Coping with Crisis & Loss

Everyone experiences crisis at some points during life. Examples of crisis or trauma situations include deaths, natural disasters, violent crime, sexual assault and abuse, the aftermath of suicide, threats to public health, or campus or domestic violence.

People may also experience trauma indirectly. For example, bystanders, friends or roommates of victims, family members, or public safety personnel who work with disaster or trauma victims may also be affected. Each person responds to a crisis or disaster differently. It is important to understand the potential reactions that accompany crisis and to know how to take care of yourself during times of extreme stress.

Typical Responses for Crisis

  • Shock or denial
  • Anger or irritability
  • Feelings of hopelessness
  • Depression
  • Fear and anxiety
  • Mood changes
  • Numbness
  • Guilt
  • Grief

  • Changes in activity level
  • Social withdrawal or isolation
  • Restlessness, agitation or pacing
  • Eating or appetite changes
  • Sleep disturbance/insomnia
  • Increased use of alcohol or drugs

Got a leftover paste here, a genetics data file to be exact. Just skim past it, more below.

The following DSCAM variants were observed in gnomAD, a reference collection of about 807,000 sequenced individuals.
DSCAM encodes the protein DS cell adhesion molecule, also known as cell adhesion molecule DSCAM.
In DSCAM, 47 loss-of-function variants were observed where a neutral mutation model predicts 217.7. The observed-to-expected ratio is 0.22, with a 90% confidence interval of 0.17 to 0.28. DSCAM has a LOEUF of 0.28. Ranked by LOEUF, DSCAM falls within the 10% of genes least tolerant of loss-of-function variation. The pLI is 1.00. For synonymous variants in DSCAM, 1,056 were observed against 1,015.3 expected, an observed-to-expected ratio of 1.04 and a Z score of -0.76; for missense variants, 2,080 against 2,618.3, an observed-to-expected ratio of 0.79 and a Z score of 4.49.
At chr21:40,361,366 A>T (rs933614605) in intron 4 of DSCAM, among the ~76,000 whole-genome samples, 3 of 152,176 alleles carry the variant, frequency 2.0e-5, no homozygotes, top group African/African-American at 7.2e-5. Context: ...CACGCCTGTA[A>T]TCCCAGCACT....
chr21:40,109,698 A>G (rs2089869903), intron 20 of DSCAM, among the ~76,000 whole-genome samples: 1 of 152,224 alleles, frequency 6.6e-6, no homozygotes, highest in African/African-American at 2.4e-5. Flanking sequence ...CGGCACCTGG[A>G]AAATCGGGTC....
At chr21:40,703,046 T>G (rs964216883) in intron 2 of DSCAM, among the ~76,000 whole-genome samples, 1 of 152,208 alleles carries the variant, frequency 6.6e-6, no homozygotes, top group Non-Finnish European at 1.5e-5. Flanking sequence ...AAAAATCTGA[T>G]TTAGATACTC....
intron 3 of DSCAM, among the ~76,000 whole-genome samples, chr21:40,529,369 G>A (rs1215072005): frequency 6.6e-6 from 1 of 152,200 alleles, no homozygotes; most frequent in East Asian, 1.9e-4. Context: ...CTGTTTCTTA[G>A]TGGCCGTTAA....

• Inability to relax

  • Forgetfulness
  • Difficulty making decisions
  • Difficulty concentrating
  • Dreams or nightmares of the event
  • Confusion
  • "Flashbacks" of crisis event
  • Self-doubt

  • Fatigue or loss of energy
  • Headaches and/or back pain
  • GI distress, nausea, vomiting
  • Muscle tension
  • Trembling
  • Rapid heart beat
  • Sweating or chills
  • Dizziness
  • Exaggerated startle response
  • Weakness

  • Symptoms are usually significant when they interfere with usual activities, change behavior in significant ways, or they persist for more than two weeks.
  • Seek medical advice for any physical symptoms that are new especially if you are having health problems and have not had a medical evaluation.
  • If you are unable to escape feelings of panic, guilt, depression or stress, or these symptoms are extreme or prolonged, contact a professional mental health provider for advice.
  • Seek help or advice from a qualified mental health professional if a child or an adult begins thinking or feeling guilty or suicidal.